Making Friends With Me

I have a tendency to be very hard on myself.  I had to learn to stop being my cruelest critic and become a friend.  To do this, I started thinking of how I would talk to, support and encourage a friend and applied it to myself.  I would never tell a friend, “well, you’re sure an idiot.  No wonder no one likes you.”  I don’t blame my friends for every problem that comes their way.  And when they do screw-up, I don’t give them a critic’s eye view of exactly how they screwed up and why this is a reflection of a very serious character issues.  So I won’t do that to myself either.

This was a very hard thing for me to learn.  Somehow I had deeply absorbed the idea that being excessively harsh and critical of myself was part of being a good person.  But while struggling to overcome a serious bout of depression, learning this lesson became a matter of life and death.  For a while I would force myself to write down a list of everything I did that was at all positive each day without criticism or commentary.  When things went wrong before berating myself, I would stop and ask myself, “what would I say to a friend in this situation?”  If I were beating myself up because I had done or said something which was met with disapproval, I would stop and ask myself if my actions were something I would get upset with someone else over.  Pretty much always the answer was no, so I decided that I wouldn’t apply the standards of the most negative, judgemental and intolerant people I run into to myself.  Thankfully, it’s gotten easier as time goes on.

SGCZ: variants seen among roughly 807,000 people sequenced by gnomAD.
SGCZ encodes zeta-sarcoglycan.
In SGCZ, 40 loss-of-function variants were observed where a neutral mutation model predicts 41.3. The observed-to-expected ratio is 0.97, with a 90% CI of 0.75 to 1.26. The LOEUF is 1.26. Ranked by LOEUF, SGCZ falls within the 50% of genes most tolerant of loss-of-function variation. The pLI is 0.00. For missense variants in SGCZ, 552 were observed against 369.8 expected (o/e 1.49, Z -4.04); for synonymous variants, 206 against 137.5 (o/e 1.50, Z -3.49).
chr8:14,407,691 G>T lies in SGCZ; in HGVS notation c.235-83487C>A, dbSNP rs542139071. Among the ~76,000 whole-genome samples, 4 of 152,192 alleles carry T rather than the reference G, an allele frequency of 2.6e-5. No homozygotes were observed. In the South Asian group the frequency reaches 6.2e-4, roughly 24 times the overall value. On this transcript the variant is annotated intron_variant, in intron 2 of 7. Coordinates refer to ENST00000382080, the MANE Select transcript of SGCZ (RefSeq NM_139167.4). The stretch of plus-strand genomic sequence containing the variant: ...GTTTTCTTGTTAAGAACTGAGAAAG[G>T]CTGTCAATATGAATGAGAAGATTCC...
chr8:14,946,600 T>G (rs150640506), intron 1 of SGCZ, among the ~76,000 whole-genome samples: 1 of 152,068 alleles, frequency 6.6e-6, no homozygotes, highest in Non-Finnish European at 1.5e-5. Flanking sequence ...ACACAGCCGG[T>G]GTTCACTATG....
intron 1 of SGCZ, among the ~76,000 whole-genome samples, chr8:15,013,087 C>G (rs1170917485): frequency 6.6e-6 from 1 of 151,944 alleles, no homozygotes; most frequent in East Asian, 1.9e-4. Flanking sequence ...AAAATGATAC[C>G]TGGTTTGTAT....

So if you tend to be too hard on yourself, remember: be nice applies to how you treat everyone – even you!

5 thoughts on “Making Friends With Me

  1. I have learned this lesson the hard way…but it is oh so true. There is nothing wrong with being a friend to yourself and speaking to yourself in the same positive way we speak to others. It is a lie to believe that being humble is self-berating. Great post!! 🙂

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